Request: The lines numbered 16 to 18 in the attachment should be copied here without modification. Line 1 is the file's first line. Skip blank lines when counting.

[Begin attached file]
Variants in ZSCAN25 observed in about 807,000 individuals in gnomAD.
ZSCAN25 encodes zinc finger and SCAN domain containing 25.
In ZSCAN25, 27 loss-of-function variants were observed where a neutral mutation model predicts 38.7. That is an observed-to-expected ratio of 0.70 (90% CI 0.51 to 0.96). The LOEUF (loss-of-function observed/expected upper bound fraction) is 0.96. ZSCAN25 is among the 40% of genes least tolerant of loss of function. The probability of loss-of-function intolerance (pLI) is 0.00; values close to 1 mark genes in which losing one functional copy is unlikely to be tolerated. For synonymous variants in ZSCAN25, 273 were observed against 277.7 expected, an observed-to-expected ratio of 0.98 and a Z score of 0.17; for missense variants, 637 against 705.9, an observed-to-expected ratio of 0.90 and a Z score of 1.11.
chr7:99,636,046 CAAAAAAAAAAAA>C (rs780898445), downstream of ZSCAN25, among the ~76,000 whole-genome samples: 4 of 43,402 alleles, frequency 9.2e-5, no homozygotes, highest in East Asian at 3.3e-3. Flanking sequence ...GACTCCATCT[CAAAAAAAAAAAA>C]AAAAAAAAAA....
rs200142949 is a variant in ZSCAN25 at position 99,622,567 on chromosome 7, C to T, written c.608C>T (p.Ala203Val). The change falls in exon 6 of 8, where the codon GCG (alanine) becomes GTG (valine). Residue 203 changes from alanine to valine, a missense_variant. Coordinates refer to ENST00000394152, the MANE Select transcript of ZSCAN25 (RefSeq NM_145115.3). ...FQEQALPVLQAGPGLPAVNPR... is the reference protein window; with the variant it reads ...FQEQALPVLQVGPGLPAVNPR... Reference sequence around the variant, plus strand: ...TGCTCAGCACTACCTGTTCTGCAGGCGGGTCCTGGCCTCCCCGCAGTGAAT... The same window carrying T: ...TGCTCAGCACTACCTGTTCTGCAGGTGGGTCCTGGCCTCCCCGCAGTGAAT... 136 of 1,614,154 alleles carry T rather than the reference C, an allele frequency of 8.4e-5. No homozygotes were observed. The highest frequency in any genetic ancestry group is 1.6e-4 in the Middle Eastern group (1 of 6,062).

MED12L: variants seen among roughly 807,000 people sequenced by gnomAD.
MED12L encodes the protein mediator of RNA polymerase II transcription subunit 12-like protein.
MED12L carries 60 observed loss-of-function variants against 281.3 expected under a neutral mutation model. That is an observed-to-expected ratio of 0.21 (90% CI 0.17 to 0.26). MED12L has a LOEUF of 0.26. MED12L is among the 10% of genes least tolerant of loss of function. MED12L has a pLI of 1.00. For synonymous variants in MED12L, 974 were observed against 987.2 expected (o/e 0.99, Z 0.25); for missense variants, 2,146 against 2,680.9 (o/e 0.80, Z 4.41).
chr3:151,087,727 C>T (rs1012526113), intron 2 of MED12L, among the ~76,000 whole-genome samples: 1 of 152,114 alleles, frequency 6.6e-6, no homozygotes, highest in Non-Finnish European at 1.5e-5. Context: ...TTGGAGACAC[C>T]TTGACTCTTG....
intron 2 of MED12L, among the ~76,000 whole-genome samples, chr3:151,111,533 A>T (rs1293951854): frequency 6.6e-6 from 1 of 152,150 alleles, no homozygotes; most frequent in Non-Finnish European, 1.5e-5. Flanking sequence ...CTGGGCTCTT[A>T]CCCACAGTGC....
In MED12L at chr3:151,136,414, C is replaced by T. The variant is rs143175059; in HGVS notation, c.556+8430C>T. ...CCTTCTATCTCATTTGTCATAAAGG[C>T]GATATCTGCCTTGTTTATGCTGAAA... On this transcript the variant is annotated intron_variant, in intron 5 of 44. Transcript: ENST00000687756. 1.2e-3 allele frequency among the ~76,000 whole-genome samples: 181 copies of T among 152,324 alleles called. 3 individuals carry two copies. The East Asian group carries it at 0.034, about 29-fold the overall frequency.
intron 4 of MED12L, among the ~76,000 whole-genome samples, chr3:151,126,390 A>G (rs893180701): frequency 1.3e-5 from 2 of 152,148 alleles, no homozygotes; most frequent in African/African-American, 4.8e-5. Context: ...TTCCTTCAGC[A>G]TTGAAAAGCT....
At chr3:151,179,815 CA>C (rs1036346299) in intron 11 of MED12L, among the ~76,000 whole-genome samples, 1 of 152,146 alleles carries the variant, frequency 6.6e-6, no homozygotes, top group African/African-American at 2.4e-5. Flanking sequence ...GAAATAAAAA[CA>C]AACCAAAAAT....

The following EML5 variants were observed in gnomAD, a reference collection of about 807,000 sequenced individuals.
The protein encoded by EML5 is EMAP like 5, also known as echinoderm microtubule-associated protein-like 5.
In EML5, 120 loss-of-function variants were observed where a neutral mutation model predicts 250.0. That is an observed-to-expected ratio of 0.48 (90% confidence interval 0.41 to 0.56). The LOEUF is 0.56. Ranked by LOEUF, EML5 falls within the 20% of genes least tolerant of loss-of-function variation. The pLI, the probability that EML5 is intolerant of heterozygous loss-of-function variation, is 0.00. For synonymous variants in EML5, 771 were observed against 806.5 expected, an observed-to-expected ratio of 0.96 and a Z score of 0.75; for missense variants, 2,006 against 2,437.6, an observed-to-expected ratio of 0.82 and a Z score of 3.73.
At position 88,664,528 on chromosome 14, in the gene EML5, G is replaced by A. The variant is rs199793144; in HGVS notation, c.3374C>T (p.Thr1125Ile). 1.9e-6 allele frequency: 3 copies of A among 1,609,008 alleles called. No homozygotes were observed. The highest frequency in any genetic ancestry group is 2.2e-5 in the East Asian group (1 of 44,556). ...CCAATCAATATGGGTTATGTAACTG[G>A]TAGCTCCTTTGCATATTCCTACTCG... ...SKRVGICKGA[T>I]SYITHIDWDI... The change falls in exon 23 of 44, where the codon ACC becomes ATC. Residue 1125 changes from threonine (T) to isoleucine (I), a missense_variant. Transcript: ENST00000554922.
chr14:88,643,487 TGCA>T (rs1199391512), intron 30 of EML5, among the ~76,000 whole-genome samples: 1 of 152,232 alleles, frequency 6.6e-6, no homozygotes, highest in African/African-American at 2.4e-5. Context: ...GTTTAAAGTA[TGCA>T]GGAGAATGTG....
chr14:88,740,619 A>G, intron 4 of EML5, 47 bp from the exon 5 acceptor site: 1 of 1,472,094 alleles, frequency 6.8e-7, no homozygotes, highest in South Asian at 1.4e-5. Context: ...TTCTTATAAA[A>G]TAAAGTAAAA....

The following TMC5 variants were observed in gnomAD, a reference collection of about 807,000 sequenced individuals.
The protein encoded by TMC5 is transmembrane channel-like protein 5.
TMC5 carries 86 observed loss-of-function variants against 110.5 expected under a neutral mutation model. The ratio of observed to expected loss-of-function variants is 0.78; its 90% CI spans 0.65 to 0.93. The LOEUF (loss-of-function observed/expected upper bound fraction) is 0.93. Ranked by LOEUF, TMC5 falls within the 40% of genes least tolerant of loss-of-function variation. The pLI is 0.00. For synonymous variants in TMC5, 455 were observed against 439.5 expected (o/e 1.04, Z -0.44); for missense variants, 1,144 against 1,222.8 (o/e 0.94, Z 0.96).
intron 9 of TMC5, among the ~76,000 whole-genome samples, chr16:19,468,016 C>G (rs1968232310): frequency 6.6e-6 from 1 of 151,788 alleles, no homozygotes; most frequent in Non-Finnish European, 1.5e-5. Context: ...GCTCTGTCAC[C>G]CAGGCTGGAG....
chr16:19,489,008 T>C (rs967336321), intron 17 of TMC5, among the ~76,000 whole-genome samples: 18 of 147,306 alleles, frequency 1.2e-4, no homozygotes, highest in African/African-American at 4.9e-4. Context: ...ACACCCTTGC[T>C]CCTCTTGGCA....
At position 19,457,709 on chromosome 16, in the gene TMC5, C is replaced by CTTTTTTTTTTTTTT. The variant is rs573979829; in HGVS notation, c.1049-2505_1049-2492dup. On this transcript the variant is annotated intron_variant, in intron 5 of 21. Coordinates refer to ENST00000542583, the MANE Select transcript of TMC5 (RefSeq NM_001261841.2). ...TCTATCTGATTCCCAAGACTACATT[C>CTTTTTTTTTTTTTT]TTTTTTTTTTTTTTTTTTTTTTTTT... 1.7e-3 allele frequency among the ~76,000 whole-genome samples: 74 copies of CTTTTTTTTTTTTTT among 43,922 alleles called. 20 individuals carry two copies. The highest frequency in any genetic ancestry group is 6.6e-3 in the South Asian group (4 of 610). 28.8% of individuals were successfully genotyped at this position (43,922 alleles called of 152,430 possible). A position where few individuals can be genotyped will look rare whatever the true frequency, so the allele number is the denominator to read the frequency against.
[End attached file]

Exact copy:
In EML5, 120 loss-of-function variants were observed where a neutral mutation model predicts 250.0. That is an observed-to-expected ratio of 0.48 (90% confidence interval 0.41 to 0.56). The LOEUF is 0.56. Ranked by LOEUF, EML5 falls within the 20% of genes least tolerant of loss-of-function variation. The pLI, the probability that EML5 is intolerant of heterozygous loss-of-function variation, is 0.00. For synonymous variants in EML5, 771 were observed against 806.5 expected, an observed-to-expected ratio of 0.96 and a Z score of 0.75; for missense variants, 2,006 against 2,437.6, an observed-to-expected ratio of 0.82 and a Z score of 3.73.
At position 88,664,528 on chromosome 14, in the gene EML5, G is replaced by A. The variant is rs199793144; in HGVS notation, c.3374C>T (p.Thr1125Ile). 1.9e-6 allele frequency: 3 copies of A among 1,609,008 alleles called. No homozygotes were observed. The highest frequency in any genetic ancestry group is 2.2e-5 in the East Asian group (1 of 44,556). ...CCAATCAATATGGGTTATGTAACTG[G>A]TAGCTCCTTTGCATATTCCTACTCG... ...SKRVGICKGA[T>I]SYITHIDWDI... The change falls in exon 23 of 44, where the codon ACC becomes ATC. Residue 1125 changes from threonine (T) to isoleucine (I), a missense_variant. Transcript: ENST00000554922.
chr14:88,643,487 TGCA>T (rs1199391512), intron 30 of EML5, among the ~76,000 whole-genome samples: 1 of 152,232 alleles, frequency 6.6e-6, no homozygotes, highest in African/African-American at 2.4e-5. Context: ...GTTTAAAGTA[TGCA>T]GGAGAATGTG....